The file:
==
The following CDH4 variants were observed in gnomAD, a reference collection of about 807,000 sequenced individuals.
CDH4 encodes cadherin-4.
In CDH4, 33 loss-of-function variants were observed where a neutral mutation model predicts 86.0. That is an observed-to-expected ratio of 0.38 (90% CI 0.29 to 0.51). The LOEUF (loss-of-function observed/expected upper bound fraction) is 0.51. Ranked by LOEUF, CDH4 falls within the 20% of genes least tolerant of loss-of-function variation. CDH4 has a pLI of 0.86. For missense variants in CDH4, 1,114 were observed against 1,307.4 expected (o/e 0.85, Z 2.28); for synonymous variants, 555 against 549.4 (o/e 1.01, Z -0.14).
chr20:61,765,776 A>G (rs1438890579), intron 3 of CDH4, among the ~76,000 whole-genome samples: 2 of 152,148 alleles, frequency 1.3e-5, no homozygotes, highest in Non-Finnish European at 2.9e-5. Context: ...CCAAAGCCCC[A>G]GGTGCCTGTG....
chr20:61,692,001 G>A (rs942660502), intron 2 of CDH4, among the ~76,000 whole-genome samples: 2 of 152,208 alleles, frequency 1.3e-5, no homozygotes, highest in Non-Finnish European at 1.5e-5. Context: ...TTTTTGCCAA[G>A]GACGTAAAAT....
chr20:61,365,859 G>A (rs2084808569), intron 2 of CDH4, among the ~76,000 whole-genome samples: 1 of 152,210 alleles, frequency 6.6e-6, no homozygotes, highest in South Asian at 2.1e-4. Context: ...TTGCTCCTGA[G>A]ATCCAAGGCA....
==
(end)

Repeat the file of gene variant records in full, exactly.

The following CDH4 variants were observed in gnomAD, a reference collection of about 807,000 sequenced individuals.
CDH4 encodes cadherin-4.
In CDH4, 33 loss-of-function variants were observed where a neutral mutation model predicts 86.0. That is an observed-to-expected ratio of 0.38 (90% CI 0.29 to 0.51). The LOEUF (loss-of-function observed/expected upper bound fraction) is 0.51. Ranked by LOEUF, CDH4 falls within the 20% of genes least tolerant of loss-of-function variation. CDH4 has a pLI of 0.86. For missense variants in CDH4, 1,114 were observed against 1,307.4 expected (o/e 0.85, Z 2.28); for synonymous variants, 555 against 549.4 (o/e 1.01, Z -0.14).
chr20:61,765,776 A>G (rs1438890579), intron 3 of CDH4, among the ~76,000 whole-genome samples: 2 of 152,148 alleles, frequency 1.3e-5, no homozygotes, highest in Non-Finnish European at 2.9e-5. Context: ...CCAAAGCCCC[A>G]GGTGCCTGTG....
chr20:61,692,001 G>A (rs942660502), intron 2 of CDH4, among the ~76,000 whole-genome samples: 2 of 152,208 alleles, frequency 1.3e-5, no homozygotes, highest in Non-Finnish European at 1.5e-5. Context: ...TTTTTGCCAA[G>A]GACGTAAAAT....
chr20:61,365,859 G>A (rs2084808569), intron 2 of CDH4, among the ~76,000 whole-genome samples: 1 of 152,210 alleles, frequency 6.6e-6, no homozygotes, highest in South Asian at 2.1e-4. Context: ...TTGCTCCTGA[G>A]ATCCAAGGCA....